Getting in touch
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U.S. House of Representatives Actions
Lori's own Congresswoman Carolyn Maloney (D-NY) has sponsored House letters to President Fujimori, President Clinton, and Secretary of State Albright, in addition to sending numerous individual letters to both Presidents and other officials concerned with Lori's case. She has monitored Lori's condition and been willing to intervene in any manner possible to help improve the conditions of Lori's incarceration and obtain justice for her. In addition, she went the "extra mile" for her constituent - in fact the extra 8,000 miles (round trip to Perú) to visit Lori in prison.
In addition, Congresswoman Maxine Waters (D-CA) has committed herself to fighting for Lori's release. In addition to numerous calls and letters on Lori's behalf, she proposed an amendment to a State Department authorization bill in July 1999 which called for Lori's release. 189 Members of the House voted for this amendment.
Other strong supporters in the House include Representatives Jim McGovern (D-MA), Connie Morella (R-MD), and Jim Leach (R-IA). In all, a majority of the House has expressed official support for Lori's release, either by Congress withholding non-humanitarian aid to Perú or by President Clinton using diplomatic means .
- Majority of House Supports Lori
- House of Representative Letters
- Proposed Amendment to H.R. 2415 - July 1999
- Congressional Human Rights Caucus
- Congressional Colloquy
Majority of House Supports Lori
Between the June 1999 letter to President Clinton and the proposed amendment (see below for details on both), a majority of the House of Representatives has shown support for Lori's release. A total of 225 of the 435 voting House members (52%) have expressed their support, as have four of the five nonvoting House delegates.
House of Representative Letters
Congresswoman Carolyn Maloney (D-NY) has sponsored four "Dear Colleague" letters to various Peruvian and U.S. officials on behalf of Lori.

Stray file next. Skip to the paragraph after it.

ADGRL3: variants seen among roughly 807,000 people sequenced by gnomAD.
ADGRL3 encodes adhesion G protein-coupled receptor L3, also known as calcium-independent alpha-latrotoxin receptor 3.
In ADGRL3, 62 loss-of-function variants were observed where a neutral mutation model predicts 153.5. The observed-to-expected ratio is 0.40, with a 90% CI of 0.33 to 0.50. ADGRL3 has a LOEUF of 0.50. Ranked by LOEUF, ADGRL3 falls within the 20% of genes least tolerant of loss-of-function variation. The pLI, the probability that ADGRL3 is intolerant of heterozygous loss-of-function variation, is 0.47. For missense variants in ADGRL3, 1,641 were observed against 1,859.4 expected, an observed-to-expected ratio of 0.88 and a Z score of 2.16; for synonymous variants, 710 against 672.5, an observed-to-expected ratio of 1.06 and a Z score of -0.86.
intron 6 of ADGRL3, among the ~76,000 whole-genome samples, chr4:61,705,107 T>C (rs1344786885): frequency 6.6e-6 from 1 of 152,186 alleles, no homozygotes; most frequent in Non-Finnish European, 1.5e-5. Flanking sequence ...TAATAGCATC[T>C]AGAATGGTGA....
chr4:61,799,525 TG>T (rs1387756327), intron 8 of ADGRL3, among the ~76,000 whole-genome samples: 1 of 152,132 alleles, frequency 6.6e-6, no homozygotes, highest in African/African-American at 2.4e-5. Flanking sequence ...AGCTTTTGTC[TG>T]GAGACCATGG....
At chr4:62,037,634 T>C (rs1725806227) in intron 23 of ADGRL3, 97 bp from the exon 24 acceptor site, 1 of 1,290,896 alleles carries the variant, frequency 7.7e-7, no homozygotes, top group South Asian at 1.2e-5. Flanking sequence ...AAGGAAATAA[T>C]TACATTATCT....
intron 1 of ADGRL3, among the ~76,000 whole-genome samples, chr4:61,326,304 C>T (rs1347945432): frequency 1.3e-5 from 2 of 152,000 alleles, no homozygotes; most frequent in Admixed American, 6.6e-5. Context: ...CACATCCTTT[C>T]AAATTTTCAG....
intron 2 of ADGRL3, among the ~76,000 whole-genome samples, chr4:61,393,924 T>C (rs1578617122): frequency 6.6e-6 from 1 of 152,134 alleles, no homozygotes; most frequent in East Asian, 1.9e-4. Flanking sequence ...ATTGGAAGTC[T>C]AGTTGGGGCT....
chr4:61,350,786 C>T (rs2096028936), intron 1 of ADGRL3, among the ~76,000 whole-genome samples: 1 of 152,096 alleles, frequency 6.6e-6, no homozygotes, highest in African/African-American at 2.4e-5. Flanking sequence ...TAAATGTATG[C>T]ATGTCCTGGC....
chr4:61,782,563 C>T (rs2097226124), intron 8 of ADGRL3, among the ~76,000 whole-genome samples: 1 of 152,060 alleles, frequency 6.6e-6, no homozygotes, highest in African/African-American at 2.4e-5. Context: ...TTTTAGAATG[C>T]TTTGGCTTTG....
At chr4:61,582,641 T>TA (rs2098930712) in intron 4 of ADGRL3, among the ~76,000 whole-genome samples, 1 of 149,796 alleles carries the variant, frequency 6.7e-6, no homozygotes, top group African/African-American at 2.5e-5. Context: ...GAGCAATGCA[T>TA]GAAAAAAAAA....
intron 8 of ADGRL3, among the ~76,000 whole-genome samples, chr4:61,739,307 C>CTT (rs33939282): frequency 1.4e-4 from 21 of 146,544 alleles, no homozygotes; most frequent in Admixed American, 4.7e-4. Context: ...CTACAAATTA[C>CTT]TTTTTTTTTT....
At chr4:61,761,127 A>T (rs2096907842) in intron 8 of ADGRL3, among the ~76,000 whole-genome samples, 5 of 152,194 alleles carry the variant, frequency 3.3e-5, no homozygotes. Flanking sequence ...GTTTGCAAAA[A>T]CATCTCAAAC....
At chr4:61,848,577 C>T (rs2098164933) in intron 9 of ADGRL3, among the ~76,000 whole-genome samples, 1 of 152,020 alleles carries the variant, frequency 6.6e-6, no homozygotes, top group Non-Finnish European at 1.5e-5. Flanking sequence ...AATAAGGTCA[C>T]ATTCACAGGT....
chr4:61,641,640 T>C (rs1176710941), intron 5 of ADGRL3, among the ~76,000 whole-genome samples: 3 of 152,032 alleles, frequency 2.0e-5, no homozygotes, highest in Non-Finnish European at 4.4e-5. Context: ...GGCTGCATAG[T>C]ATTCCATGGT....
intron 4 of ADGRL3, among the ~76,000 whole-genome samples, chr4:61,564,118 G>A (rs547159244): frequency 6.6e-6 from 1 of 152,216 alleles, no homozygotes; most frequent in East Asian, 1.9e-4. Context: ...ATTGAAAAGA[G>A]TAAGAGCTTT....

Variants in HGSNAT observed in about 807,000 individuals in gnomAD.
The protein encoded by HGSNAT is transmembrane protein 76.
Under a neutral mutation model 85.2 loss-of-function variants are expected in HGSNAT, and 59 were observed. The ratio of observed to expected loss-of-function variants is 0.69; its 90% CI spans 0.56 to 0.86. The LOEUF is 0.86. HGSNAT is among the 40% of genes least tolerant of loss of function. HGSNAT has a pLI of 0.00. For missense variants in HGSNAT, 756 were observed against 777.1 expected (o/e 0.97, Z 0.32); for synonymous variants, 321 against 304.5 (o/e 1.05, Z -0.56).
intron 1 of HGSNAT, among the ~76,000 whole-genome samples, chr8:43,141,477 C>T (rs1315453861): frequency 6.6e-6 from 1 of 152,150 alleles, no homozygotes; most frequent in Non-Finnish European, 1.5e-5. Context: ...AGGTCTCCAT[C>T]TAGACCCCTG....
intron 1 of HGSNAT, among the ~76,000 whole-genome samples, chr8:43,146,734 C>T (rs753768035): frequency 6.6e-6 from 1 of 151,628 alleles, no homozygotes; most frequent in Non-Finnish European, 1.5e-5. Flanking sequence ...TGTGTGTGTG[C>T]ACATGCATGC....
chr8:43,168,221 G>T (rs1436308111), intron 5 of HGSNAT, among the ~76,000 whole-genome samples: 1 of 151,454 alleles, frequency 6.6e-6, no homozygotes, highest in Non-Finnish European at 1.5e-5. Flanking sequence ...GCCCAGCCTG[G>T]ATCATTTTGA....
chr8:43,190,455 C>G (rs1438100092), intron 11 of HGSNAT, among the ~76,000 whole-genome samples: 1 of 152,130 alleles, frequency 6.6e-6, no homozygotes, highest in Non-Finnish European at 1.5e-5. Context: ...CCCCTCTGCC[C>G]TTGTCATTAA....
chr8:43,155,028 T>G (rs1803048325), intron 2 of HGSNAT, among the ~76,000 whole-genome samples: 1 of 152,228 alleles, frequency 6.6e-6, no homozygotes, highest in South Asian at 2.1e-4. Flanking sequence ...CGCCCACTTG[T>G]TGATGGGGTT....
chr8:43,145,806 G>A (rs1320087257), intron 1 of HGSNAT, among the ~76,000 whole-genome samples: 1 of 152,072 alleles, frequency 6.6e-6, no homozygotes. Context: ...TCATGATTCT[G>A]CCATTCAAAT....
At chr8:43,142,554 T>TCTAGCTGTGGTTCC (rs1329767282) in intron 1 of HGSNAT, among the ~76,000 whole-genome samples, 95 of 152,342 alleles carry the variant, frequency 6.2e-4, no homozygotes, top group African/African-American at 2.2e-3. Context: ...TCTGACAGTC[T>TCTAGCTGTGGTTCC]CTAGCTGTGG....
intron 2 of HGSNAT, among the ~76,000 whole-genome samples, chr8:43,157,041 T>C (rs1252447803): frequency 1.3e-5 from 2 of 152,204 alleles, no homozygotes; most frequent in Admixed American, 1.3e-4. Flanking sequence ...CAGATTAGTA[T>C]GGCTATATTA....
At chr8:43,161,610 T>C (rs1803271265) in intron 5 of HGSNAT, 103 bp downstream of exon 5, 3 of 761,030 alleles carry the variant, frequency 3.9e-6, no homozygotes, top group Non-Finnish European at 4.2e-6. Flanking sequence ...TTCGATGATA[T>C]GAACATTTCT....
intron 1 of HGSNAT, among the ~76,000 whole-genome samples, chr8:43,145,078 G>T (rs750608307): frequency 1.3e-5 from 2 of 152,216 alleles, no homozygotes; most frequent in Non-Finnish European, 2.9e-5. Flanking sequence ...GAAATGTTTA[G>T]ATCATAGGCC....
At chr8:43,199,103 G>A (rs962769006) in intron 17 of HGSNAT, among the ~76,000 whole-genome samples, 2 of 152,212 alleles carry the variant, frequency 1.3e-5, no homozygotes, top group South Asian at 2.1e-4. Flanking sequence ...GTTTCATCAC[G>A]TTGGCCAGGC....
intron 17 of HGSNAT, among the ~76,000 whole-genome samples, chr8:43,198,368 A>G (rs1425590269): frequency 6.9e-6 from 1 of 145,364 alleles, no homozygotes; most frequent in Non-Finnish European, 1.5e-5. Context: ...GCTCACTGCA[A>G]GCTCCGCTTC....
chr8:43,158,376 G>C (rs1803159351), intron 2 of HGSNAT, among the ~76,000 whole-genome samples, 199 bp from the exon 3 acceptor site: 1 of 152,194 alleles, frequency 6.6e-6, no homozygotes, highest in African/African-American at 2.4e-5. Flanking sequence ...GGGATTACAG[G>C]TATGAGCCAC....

2000 Letter to President Clinton
The letter sent to President Clinton on July 26, 2000 urged him to do everything within his power to seek Lori's immediate release was signed my a majority (221) of members of the House of Representatives.
June 1999 Letter to President Clinton
In June 1999, a letter to President Clinton gained the signatures of 176 House members. The letter requested that he do all within his power to effectuate Lori's release.
December 1997 Letter to Secretary of State Albright
In December 1997, a total of 175 Congressional Representatives signed a "Dear Colleague" letter to Secretary of State Madeleine Albright asking her to do "all within her power to impress upon the Peruvian government the importance of providing an open trial in a civilian court for Lori."
This letter was delivered to Secretary Albright concurrently with a Senate letter signed by 52 Senators.
August 1996 Letter to President Fujimori
This letter to Peruvian President Fujimori, signed by 87 members of the House of Representatives, condemned the manner in which Lori was tried and convicted. It asked that Lori's conviction be set aside, and that she either be provided a "fair and public trial before a civilian and impartial court" or be released.
May 1996 Letter to President Fujimori
Congresswoman Carolyn Maloney asked colleagues to join her in requesting a meeting with President Fujimori on his visit to Washington DC in May 1996 in order to discuss Lori's case. As a result, although President Fujimori declined to meet, he delegated members of the Peruvian Congress who accompanied him to the United States to meet with these members of the United States Congress.
February 1996 Letter to President Fujimori
Members of the House of Representatives wrote to Peruvian President Fujimori within a month of Lori's sentencing, protesting her sentence and the fact that she, a civilian, had been tried in a military court. These 24 Representatives asked that Lori be given "a chance to tell her side of the story, to have her attorney cross examine witnesses and to present evidence that may substantiate her claims of innocence."
Proposed Amendment to H.R. 2415 - July 1999
In July 1999, Congresswoman Maxine Waters (D-CA) offered an amendment calling for the U.S. to "use all available diplomatic efforts to secure the release of Lori Berenson" and stated that "in deciding whether to provide economic and other forms of assistance to Peru, the United States should take into consideration the willingness of Peru to assist in the release of Lori Berenson."
The Amendment, although defeated, received approval by 44.2% of the Representatives casting a decision on it. The government of Perú was put on notice that Lori's support in the U.S. Congress continues to grow. The transcript of the Congressional debate is also available.
Congressional Human Rights Caucus
Representative Carolyn B. Maloney chaired a Congressional Human Rights Caucus on June 30, 1999 to discuss Lori's case. The event was cosponsored by the Caucus co-chairs, Representatives Tom Lantos (D-CA) and John Edward Porter (R-IL).
Representatives Carolyn B. Maloney (D-NY), Benjamin Gilman (R-NY) and Bill Richardson (D-NM) held a Congressional Colloquy on June 20, 1996 to discuss human rights abuses in Perú, and Lori's case in particular.